If I tell you, I will have to kill you, LOL. Just kidding. But let’s just say this, had I not had strong parents who were there for me and my grandmother (mom’s mom, I released my EP with the “Sensy Girl” music video on her bday, June 14th) who was like a mother to me was also there for me, I probably would not be where I am right now; thank God I am and I’m happy I chose the right path.
What are the three things you can’t live without?
God. My parents. Music and film.
What’s your favorite song to belt out in the car or the shower?
Tough one, “Human Nature” – Michael Jackson and “Mysterious Ways” – U2.
What musicians/vocalists influenced you the most?
Michael Jackson, I had the doll, lol. Whitney and Madonna – the songwriters, melodies everything really, just like Michael. U2- one of my first music DVDs was “Rattle and Hum.” U218 is always on repeat for me. GNR – Appetite For Destruction, Use Your Illusion, both volumes, Slash on guitar, Axl’s unique vocals. Phil Collins and Elton John – between the two of them, it’s hard not to love ballads. Rakim – changed the rap game, his style was so unique and his message. Billy Ocean – Suddenly to “Caribbean Queen.” Super Blue – Trinidadian artist (calypso and soca) the rhythm and vibe. Super Cat – dancehall. Pearl Jam – Ten and Vs. “Alive” spoke to me. Bach, Mozart and Beethoven.
How did you go from singer-songwriter to screenwriter/film producer?
Before we met David, we met a number of people in the music and film industry, when we moved to LA. Sadly most were not honest and didn’t appreciate my vision of doing live music. Some label executives said it was too alternative, some said you need to sing R&B or Euro-pop and go all synth music. I personally loved the old school strong melodies my father and I wrote and as Michael Jackson has said, “Melody is king …” I wasn’t going to drop our great songs. It was a real struggle after that as many tried to push me into a corner despite seeing my talent. I didn’t give up, we as a family didn’t give up. We gave up everything in Canada to move to LA to pursue my dream and our dream to do music. We put all of our money into it and lost a lot of it, at a time we hit rock bottom, with a lot of our family turning their backs saying we should leave the entertainment industry. Despite the fact we supported them unconditionally in what they pursued. Our backs were against the wall, so I came up with an idea. And we built ourselves back up in the process to get to this point.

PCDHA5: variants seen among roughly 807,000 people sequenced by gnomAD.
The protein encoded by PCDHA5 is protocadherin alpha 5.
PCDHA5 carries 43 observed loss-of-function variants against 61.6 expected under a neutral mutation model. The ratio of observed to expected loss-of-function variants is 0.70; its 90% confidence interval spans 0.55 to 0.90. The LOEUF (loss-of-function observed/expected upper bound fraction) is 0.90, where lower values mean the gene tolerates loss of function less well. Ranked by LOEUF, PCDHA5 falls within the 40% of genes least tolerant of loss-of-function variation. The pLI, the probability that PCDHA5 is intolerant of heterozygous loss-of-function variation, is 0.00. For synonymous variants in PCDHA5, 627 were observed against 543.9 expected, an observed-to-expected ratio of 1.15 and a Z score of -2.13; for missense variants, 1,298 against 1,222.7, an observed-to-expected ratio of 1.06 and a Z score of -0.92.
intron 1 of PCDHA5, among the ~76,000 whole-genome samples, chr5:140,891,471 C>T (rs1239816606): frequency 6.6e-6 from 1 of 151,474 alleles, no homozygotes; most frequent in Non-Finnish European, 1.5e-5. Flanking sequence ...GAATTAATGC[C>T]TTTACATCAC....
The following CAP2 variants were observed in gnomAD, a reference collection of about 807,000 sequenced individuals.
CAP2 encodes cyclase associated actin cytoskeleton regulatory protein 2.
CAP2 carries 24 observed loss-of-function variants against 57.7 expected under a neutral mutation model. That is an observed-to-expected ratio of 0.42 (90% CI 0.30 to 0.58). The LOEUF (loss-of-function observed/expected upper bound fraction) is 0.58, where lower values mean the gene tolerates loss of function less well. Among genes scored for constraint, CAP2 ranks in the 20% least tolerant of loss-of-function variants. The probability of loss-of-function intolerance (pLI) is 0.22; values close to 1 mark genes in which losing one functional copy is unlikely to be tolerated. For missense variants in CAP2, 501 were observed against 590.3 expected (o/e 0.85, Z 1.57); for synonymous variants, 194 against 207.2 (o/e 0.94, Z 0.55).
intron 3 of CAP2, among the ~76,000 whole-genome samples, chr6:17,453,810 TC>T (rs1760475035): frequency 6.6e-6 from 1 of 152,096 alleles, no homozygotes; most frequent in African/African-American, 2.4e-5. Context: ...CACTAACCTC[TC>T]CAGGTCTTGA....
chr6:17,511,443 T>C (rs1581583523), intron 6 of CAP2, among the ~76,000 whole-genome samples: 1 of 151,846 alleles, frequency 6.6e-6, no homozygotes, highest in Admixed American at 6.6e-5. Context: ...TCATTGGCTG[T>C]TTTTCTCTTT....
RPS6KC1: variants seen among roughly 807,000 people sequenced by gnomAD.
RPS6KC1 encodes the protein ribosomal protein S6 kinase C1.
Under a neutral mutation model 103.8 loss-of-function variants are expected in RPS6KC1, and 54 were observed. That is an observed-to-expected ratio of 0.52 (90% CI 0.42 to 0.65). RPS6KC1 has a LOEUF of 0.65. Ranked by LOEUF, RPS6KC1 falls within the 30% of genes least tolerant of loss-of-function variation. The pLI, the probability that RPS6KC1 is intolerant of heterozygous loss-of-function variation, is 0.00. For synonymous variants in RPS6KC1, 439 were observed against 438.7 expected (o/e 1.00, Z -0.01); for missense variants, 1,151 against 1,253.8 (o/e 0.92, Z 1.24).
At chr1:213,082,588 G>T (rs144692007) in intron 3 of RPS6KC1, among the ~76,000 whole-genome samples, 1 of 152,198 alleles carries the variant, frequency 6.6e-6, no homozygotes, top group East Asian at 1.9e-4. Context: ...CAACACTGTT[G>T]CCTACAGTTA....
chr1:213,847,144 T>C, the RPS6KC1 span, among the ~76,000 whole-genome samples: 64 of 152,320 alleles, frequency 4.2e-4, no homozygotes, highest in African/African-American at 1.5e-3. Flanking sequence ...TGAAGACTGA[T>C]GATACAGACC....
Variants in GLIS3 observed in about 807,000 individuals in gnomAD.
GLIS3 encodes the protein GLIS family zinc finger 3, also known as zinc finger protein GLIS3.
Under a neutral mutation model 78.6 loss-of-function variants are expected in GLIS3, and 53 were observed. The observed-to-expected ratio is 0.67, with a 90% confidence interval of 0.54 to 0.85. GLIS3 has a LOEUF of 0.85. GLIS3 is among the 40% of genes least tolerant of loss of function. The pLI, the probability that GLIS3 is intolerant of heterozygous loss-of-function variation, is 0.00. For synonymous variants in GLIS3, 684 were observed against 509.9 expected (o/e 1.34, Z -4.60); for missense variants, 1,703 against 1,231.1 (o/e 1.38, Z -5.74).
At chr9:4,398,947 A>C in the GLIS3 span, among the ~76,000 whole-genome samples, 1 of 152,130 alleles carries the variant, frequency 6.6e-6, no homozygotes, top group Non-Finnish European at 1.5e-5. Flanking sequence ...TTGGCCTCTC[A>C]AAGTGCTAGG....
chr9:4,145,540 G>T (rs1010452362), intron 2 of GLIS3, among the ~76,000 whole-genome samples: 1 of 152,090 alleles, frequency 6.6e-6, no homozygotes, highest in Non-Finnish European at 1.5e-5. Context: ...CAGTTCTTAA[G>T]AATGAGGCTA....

Growing up, I always wrote poetry and short stories, despite never really loving English class. Yeah it’s quite the contradiction. But I came up with an idea: I will write my own movie and put my songs in the movie soundtrack, so I won’t have to be subjected to others trying to get me to sing something else and I’m in control of my music career and the music I choose to put out. Plus I won’t have to worry about labels not signing me because they didn’t believe in the music, despite some notable producers saying it takes time and money to release that quality of music that we made.
So I wrote, Little Mizz Innocent, based on our song by the same name that will be released at a future date. Wrote it in 2 weeks, I never wrote a script before but I read a lot of James Cameron, Michael Mann and George Lucas’s scripts before I wrote LMI. Sadly, a lot of what I wrote was stolen and used by other films in the industry because the movie went into development hell, as they refer to it in the film industry. A few examples of that were when I was the first writer in Hollywood to write about the deep web and bit coin. That circulated throughout Hollywood for many years, so contrary to popular belief, I was the first to write about it in a feature film script, which of course I have proof of because it was registered with the Writers Guild of America. But you live and learn and get stronger and avoid trying to get blacklisted, despite the discrimination and the other fun stuff that comes with it. And once your film doesn’t release right away, ideas get taken. However, that did not stop me, delayed but not discouraged, it was a baptism of fire I had to pass through and learn about to get to this point. The sacrifices artists make to get their music heard and appreciated. It turned out that I was the only music artist to do this and play so many roles. You see artists like Donald Glover now, but I was ahead of the curve by many years, as I’ve been told. Because I created the film as a vehicle for my music and wanted that autonomy. The idea was born out of wanting the music to have a fair chance to be heard by the world.
What was the inspiration for your forthcoming Sci-fi horror movie Lumina?
I grew up a Star Wars fan, huge Stars Wars fan, still am a Star Wars fan and George Lucas fan, so much so, my grandfather (moms dad) called me The Jedi. Simply because I watched all the episodes every day since I can remember myself. I was also reading the Star Wars books at around the age of 3 and a half, my mom made sure to record me on cassette. She still has that cassette.
I wanted to experiment with alien abductions, and chase sequences.